The most modern main battle tanks in Southeast Asia, the Singaporean Leopard 2SG (above) and the Indonesian Leopard 2 Revolution (below), are nothing more but decades old, second hand, refurbished Leopard 2A4 tanks from Germany. And yet they are more capable than the most modern and newest main battle tanks from China.



13. Finally, what do our lawmakers and government need to do to modernize the Armed Forces of the Philippines?

If our lawmakers really desire that our soldiers get the best equipment available, all they need to do is increase the annual defense procurement budget. Recently, AFP Chief of Staff Gen. Pio Catapang stressed the need to increase the annual military modernization budget to at least 1% of the annual national government budget. That request is a very modest one, but still the government is having problems granting that practical request. If the government is really serious to improve the country's armed forces, then provide what they need.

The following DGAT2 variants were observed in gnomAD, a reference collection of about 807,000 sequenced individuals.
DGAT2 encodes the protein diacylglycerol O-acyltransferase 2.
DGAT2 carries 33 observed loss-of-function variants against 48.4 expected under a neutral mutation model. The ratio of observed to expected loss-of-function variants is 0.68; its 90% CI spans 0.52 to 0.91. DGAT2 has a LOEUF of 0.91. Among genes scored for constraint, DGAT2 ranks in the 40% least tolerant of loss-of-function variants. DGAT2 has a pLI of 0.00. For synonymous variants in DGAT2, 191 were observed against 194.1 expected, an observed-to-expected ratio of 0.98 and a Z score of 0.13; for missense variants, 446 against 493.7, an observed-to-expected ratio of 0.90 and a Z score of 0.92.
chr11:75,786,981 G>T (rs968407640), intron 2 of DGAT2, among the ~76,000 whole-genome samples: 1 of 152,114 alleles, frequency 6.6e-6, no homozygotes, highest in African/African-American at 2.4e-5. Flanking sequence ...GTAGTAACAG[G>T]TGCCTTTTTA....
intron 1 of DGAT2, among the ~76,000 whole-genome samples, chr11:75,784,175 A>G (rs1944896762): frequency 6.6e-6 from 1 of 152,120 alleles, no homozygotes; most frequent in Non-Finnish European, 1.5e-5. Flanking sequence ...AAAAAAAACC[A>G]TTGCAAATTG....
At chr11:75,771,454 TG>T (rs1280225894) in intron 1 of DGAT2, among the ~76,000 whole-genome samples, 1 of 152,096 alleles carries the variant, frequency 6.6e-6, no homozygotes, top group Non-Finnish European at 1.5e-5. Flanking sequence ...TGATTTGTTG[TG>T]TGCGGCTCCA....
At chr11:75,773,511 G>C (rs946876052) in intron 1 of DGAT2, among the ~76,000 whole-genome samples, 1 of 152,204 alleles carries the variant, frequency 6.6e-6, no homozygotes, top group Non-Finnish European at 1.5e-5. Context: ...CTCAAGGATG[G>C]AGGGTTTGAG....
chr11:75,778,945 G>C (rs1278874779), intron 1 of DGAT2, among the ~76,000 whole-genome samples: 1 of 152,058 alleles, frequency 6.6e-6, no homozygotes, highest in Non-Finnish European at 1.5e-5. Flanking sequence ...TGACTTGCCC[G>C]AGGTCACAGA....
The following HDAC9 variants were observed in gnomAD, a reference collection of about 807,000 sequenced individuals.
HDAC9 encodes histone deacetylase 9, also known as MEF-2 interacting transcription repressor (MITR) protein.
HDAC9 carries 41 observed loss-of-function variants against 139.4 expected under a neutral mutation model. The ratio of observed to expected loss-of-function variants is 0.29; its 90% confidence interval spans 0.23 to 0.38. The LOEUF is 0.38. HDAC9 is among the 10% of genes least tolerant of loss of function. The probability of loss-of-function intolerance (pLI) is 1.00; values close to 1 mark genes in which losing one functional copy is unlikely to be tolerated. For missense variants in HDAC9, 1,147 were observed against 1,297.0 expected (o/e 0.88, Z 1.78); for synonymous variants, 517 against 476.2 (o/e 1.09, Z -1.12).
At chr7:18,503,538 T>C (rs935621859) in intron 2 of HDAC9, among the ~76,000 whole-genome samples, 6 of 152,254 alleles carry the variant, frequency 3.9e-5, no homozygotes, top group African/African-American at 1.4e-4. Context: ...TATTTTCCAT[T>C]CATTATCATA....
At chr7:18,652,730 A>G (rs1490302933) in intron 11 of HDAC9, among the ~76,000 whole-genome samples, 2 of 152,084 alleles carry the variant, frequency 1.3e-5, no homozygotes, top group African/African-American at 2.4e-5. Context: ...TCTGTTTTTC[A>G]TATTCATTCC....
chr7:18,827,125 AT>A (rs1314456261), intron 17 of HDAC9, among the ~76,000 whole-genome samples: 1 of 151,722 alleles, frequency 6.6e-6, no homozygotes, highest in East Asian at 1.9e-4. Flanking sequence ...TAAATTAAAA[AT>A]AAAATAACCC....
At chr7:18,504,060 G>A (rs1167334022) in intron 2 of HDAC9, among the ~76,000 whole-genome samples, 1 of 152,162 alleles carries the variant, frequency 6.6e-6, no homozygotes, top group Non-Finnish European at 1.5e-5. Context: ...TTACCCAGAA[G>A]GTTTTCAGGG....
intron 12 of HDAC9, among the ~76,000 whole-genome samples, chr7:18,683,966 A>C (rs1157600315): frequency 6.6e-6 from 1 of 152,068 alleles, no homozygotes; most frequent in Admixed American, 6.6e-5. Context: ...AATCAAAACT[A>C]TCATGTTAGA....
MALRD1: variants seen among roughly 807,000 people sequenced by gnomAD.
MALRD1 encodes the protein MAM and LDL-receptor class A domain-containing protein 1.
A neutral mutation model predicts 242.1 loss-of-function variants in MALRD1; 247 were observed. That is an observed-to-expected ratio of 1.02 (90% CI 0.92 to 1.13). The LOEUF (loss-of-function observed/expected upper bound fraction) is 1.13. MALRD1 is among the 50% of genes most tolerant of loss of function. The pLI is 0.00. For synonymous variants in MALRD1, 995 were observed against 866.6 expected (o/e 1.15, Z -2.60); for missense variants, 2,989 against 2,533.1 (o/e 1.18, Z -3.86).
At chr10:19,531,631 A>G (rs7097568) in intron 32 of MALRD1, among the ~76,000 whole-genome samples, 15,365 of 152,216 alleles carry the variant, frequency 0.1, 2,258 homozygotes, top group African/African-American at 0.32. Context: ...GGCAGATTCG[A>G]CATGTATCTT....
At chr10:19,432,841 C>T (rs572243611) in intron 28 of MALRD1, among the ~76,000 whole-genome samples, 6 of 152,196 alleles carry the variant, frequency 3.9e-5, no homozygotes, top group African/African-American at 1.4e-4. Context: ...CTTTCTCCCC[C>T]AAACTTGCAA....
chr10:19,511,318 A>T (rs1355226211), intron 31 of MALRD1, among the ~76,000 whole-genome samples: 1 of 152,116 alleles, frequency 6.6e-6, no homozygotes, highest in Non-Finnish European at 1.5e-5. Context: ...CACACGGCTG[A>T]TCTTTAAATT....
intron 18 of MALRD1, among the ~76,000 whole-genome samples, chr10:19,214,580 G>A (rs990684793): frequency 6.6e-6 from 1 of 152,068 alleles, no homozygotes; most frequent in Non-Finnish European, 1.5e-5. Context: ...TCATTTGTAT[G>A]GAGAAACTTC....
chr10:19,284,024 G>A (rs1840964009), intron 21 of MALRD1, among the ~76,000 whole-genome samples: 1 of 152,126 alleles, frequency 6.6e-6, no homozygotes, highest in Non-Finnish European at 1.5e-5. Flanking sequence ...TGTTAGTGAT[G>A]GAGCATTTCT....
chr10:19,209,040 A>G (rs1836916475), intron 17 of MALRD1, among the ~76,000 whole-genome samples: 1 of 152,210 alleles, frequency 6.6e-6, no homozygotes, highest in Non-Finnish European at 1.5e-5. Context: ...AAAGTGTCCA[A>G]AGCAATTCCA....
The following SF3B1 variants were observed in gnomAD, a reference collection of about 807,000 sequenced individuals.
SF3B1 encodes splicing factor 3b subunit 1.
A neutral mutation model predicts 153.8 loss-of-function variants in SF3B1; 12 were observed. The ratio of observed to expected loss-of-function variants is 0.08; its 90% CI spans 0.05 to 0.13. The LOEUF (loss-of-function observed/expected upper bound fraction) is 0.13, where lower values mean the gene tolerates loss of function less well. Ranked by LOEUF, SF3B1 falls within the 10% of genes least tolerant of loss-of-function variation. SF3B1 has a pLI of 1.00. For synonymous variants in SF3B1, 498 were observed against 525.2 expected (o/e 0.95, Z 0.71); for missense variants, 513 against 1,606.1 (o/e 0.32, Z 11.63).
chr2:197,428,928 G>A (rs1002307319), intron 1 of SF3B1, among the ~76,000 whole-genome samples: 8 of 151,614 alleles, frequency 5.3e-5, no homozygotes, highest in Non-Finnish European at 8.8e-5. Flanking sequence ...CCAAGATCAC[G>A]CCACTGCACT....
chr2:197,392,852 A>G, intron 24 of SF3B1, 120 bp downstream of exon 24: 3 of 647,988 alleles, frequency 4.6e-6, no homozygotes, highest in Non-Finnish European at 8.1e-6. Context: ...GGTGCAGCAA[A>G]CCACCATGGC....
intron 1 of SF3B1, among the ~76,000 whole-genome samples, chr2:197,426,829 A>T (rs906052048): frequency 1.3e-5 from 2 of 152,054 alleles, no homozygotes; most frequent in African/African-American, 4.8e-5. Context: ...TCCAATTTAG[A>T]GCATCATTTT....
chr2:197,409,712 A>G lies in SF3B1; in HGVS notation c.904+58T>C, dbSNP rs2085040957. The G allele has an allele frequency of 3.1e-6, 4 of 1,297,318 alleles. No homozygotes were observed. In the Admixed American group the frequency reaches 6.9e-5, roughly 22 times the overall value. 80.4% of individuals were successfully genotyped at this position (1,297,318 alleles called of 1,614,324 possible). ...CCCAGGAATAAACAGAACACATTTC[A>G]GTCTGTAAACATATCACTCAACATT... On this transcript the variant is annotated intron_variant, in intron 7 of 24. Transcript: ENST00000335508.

Another important matter is that the procurement process for defense equipment must be changed immediately. Not only does tendering enable certain entities of learning a lot of details on the military's requirements, but it also stops the military from getting the best product they require due to the process of having the cheapest product win. It also delays important projects, which is a very crucial factor especially that the country is facing a lot of internal and external threats, as well as environmental ones.



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There might be a possibility of corruption and illegal activities brought up by Mr. Erwin Tulfo with regards to his report on the acquisition of M113s. But the way the report was made showed lack of understanding on the product being demonized. It appears now to be no different from the false accusations made by another reporter regarding the capabilities and history of the Dornier-Bell UH-1D.

Like what MaxDefense pointed out in its previous blog on the Dornier-Bell UH-1D, reporters should not make baseless statements and reports against the equipment involved just to create a foundation for their accusations. There's no need to do that! And the worst part is, they are feeding the general public wrong information when it is the media's responsibility to look for the truth! If the truth is what they are searching for, then they must start from a strong foundation of truth as well.